FDA has approved a new “Mix and Match” COVID Boosters

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Johnson and Johnson) COVID-19 Vaccine

Image Credits: Mark Lennihan, File

The FDA authorized booster doses of Moderna and Johnson & Johnson’s COVID-19 vaccines and also authorized a “mix and match” or heterologous approach to boosters for all three available vaccines (including Pfizer’s) in the indicated populations, the agency announced on Wednesday.

A booster of Johnson & Johnson vaccine is authorized for all adults ages 18 and up who received the Johnson & Johnson vaccine, at least 2 months after completion of the single-dose regimen.

Authorization of Janssen (Johnson and Johnson) COVID-19 Vaccine Booster Dose

The authorization for emergency use of a single booster dose of the Janssen COVID-19 Vaccine is based on the FDA’s evaluation of immune response data in 39 participants from a clinical trial including 24 participants who were 18 through 55 years of age and 15 participants who were 65 years of age and older.  The study participants received a booster dose approximately 2 months after their first dose, and the results demonstrated a booster response.

Overall, approximately 9,000 clinical trial participants have received two doses of Janssen COVID-19 Vaccine administered at least two months apart and of these, approximately 2,700 have had at least two months of safety follow-up after the booster dose. Janssen’s safety analyses from these studies have not identified new safety concerns.

Earlier analyses from the FDA and CDC safety surveillance systems suggest an increased risk of a serious and rare type of blood clot in combination with low blood platelets following administration of the Janssen COVID-19 vaccine. This serious condition is called thrombocytopenia syndrome (TTS). People who developed TTS after receiving the vaccine had symptoms that began about one to two weeks after vaccination. Reporting of TTS has been highest in females ages 18 through 49 years. In addition, safety surveillance suggests an increased risk of a specific serious neurological disorder called Guillain Barré syndrome, within 42 days following receipt of the Janssen COVID-19 Vaccine.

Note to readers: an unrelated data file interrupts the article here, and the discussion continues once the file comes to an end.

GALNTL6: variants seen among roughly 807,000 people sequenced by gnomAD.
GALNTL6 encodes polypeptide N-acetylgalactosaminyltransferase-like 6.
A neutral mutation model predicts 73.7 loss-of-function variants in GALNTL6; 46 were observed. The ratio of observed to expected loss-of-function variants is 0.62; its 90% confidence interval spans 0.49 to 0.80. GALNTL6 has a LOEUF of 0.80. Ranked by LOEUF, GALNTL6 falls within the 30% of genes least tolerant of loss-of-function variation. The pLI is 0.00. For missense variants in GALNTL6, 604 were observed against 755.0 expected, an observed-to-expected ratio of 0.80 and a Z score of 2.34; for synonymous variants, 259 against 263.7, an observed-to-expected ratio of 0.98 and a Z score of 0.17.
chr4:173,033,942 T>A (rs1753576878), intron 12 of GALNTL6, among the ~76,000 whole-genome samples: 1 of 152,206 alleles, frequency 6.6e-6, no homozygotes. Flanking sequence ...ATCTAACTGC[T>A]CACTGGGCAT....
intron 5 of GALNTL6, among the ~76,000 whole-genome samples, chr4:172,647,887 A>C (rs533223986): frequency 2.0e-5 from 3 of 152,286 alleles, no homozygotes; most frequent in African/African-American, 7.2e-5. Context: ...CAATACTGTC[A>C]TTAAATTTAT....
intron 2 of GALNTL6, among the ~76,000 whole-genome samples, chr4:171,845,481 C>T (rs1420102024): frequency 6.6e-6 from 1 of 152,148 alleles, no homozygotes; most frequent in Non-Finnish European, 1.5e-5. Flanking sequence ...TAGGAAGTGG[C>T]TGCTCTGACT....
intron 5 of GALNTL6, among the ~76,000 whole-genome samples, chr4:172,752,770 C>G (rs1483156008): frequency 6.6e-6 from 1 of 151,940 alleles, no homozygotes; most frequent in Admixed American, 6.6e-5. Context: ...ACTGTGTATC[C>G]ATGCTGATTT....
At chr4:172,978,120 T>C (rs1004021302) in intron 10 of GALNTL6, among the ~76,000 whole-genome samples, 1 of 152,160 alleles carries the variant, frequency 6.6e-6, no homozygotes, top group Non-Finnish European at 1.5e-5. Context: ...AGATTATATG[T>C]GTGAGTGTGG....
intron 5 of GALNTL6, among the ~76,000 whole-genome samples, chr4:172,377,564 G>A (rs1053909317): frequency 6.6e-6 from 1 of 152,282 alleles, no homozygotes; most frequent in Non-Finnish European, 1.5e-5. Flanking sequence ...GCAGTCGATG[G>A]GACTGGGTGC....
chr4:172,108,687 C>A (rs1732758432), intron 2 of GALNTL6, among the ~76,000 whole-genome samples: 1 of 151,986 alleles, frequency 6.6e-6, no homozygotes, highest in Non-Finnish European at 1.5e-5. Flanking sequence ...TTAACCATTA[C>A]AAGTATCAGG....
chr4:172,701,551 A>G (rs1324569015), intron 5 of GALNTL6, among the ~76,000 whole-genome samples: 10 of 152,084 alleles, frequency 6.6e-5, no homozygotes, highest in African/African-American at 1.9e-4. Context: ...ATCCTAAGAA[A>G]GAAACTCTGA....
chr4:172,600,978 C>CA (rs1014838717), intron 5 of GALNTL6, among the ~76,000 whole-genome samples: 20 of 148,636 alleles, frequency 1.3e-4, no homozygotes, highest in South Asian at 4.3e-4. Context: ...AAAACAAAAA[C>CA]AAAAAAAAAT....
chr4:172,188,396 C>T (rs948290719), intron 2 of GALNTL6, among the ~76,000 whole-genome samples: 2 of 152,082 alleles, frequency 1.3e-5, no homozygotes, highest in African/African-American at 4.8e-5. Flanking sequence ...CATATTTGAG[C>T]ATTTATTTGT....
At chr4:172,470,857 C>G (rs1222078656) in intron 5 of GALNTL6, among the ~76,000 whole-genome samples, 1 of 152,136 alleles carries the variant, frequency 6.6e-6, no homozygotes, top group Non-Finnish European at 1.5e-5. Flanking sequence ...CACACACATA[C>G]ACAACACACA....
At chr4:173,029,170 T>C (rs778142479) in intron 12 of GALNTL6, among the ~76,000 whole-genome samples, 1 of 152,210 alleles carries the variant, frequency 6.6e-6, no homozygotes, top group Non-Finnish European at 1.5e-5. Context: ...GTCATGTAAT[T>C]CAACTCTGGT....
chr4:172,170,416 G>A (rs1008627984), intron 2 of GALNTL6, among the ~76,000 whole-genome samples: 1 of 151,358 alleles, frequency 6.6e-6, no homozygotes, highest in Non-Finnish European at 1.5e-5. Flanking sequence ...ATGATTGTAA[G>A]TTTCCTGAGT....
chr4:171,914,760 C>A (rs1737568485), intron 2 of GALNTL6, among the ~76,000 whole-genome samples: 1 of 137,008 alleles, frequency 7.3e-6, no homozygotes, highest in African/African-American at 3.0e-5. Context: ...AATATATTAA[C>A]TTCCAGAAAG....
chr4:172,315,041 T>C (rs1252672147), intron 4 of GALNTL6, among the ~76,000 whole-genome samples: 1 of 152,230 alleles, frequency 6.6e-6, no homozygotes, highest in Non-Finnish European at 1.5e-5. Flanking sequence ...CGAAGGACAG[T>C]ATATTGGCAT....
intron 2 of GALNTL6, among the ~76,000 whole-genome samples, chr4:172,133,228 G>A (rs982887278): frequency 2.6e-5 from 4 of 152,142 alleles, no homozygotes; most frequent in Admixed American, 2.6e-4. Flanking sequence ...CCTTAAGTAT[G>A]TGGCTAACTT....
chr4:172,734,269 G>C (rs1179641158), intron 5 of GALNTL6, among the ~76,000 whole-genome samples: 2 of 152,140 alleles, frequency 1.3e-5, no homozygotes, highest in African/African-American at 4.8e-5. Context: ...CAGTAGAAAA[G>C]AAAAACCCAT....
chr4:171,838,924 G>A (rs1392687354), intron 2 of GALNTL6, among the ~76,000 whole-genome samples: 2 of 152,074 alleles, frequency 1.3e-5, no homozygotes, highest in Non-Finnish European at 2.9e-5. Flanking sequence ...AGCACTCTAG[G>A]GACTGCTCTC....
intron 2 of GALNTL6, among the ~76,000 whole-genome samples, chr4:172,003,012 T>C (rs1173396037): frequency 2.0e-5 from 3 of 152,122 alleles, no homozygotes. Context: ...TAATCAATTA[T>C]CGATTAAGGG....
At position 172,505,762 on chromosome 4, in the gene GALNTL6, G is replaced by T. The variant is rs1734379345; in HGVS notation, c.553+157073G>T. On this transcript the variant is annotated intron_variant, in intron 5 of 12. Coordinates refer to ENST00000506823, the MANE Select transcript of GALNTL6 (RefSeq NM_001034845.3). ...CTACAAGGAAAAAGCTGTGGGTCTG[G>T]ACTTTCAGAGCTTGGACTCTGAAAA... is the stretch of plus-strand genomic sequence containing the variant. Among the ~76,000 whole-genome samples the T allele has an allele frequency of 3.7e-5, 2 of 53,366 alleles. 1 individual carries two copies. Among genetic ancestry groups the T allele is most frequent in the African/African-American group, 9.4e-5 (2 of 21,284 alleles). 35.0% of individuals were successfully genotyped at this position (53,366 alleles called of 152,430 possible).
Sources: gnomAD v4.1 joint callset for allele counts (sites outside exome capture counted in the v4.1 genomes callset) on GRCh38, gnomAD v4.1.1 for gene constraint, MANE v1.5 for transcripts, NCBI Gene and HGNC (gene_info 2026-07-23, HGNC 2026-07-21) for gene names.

Authorization of “Mix and Match” Booster Dose

Today, the FDA is also authorizing the use of heterologous (or “mix and match”) booster dose for currently available (i.e., FDA-authorized or approved) COVID-19 vaccines. Following a presentation of clinical trial data from the National Institute of Allergy and Infectious Diseases, the Vaccines and Related Biological Products Advisory Committee’s discussion of information submitted for consideration, along with the agency’s evaluation of the available data, the FDA has determined that the known and potential benefits of the use of a single heterologous booster dose outweigh the known and potential risks of their use in eligible populations.

A single booster dose of any of the available COVID-19 vaccines may be administered as a heterologous booster dose following completion of primary vaccination with a different available COVID-19 vaccine. The eligible population(s) and dosing interval for a heterologous booster dose are the same as those authorized for a booster dose of the vaccine used for primary vaccination.

The agency recognizes that health care providers and COVID-19 vaccine recipients will have questions about booster doses. The individual fact sheets for each available vaccine provide relevant information for health care providers and the vaccine recipients. The agency encourages health care providers to also follow the recommendations that will be provided by the CDC following a meeting of their Advisory Committee on Immunization Practices and formal recommendations signed by the CDC director.

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